Book Review – Fatal Deduction – Rating: 6.25 out of 10

Fatal Deduction CoverFatal Deduction, by Gayle Roper

How I came to read this book:

Through WaterBrook Press/Multnomah Books.

Score Summary

  • Content: 7
  • Writing Style: 6
  • Re-readability: 6
  • Busy Mommy Scale: 6


Overall, I enjoyed the story. It entertained me, but it was a difficult mix of everyday concerns and high-drama. I find I enjoy books that stay generally in one area or another. To read in detail how the main character struggles with what to bring to a neighborhood picnic, and then read about jewelry theft, loan sharks and kidnapping was just too diverse, without the characters’ shock of crossing into the drama being part of the storyline. The characters weathered the drama just a little too well. I couldn’t relate.

Writing Style

I don’t know if the writing style has a term, but the author kept switching back and forth between first-person and third-person and it drove me a little bit nutty. I’m sure it’s a “valid” writing style, but if I knew in advance a book was written that way, I would avoid it.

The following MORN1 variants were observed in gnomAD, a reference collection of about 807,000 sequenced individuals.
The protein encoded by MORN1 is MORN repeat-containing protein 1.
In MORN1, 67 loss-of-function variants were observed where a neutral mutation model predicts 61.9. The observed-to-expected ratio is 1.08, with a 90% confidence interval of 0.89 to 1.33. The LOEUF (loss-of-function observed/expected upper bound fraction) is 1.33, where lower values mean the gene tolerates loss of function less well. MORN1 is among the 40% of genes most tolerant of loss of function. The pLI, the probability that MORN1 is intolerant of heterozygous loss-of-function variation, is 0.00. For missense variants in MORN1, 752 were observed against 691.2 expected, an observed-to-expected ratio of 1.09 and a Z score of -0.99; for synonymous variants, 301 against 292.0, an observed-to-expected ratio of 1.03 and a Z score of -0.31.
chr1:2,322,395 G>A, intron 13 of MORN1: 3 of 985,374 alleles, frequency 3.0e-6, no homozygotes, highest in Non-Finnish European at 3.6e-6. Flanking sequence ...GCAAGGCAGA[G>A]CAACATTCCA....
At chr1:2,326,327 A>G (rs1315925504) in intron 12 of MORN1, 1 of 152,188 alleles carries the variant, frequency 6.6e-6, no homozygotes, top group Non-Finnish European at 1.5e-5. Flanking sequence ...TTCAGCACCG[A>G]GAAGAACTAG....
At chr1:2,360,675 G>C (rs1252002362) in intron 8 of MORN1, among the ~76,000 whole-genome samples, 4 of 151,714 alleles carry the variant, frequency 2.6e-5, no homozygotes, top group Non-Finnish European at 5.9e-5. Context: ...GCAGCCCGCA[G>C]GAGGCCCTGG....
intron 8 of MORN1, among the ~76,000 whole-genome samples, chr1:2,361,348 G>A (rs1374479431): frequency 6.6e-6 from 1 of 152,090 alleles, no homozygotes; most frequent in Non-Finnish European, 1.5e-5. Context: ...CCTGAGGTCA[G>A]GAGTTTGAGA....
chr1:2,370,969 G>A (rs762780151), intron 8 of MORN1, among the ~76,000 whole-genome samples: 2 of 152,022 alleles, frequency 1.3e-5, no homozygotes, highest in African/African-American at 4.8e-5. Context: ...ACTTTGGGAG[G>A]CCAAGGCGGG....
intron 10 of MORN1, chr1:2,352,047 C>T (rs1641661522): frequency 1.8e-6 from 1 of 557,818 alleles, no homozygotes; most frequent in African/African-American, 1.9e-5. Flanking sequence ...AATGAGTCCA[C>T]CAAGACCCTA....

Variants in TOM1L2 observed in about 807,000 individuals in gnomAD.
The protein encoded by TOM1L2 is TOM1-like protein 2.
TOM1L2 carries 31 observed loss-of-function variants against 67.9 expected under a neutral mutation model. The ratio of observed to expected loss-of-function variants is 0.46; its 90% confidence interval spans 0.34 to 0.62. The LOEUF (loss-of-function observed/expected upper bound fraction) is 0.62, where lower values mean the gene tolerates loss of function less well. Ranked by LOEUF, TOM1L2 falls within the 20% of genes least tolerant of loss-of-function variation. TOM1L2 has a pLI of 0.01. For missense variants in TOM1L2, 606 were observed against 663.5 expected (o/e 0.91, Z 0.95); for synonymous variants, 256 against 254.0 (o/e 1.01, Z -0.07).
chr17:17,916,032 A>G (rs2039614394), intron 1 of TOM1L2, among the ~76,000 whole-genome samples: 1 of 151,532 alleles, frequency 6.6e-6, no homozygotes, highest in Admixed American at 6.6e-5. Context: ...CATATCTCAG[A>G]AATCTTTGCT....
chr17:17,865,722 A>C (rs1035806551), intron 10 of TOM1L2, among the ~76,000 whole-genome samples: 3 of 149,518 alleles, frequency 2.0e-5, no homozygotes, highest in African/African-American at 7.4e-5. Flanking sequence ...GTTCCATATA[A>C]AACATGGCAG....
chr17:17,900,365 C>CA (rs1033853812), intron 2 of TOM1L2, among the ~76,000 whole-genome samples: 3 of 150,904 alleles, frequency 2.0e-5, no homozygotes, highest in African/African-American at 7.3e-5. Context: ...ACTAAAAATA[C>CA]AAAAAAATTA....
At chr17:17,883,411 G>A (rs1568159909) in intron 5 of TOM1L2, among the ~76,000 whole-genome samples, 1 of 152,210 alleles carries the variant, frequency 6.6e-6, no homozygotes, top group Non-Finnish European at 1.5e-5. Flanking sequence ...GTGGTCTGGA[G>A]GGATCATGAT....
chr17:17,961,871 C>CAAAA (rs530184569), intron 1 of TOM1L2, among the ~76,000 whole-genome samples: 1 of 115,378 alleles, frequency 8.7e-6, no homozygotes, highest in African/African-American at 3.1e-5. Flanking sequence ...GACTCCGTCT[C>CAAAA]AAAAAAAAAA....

I will keep it for sharing with others, but will probably not re-read it. Not refusing to, but just not that interested.

Busy Mommy Scale

I did ok with this one. It was enjoyable. Not so deep or involved that I couldn’t just read a few pages here and there.

Book Summary

Libby Burton longs to be close to her twin sister, Tori, but their lives have taken them in different directions. Forced to share Aunt Stella’s old Philadelphia home in order to receive their inheritance, Libby hopes for a change, but it isn’t looking good so far.

First, Tori tries to steal the affection and allegiance of Libby’s thirteen-year-old daughter, Chloe. Then when a crossword puzzle with a hidden warning shows up on their doorstep, Tori refuses to take it seriously—in spite of the dead man who delivers it.

Libby finds comfort in neighbor Drew Canfield, but he hesitates to trust her after his disastrous marriage. As Libby struggles to act faithfully in the midst of these confusing relationships, she must also deal with a stolen diamond and a botched kidnapping. The answer to her problems lies in the riddles of the crosswords, if only she can solve the puzzle before it’s too late.

Author Bio

Gayle Roper has been writing mystery and romantic suspense novels for more than thirty years and is the author of over forty-five books. She is a three-time Christy Award finalist, the winner of three Holt Medallions, and the recipient of a Lifetime Achievement Award from Romantic Times magazine. Her novel Autumn Dreams won Romance Writers of America’s RITA Award for Best Inspirational Romance. She and her husband, Chuck, divide their time between Pennsylvania and Ontario, Canada.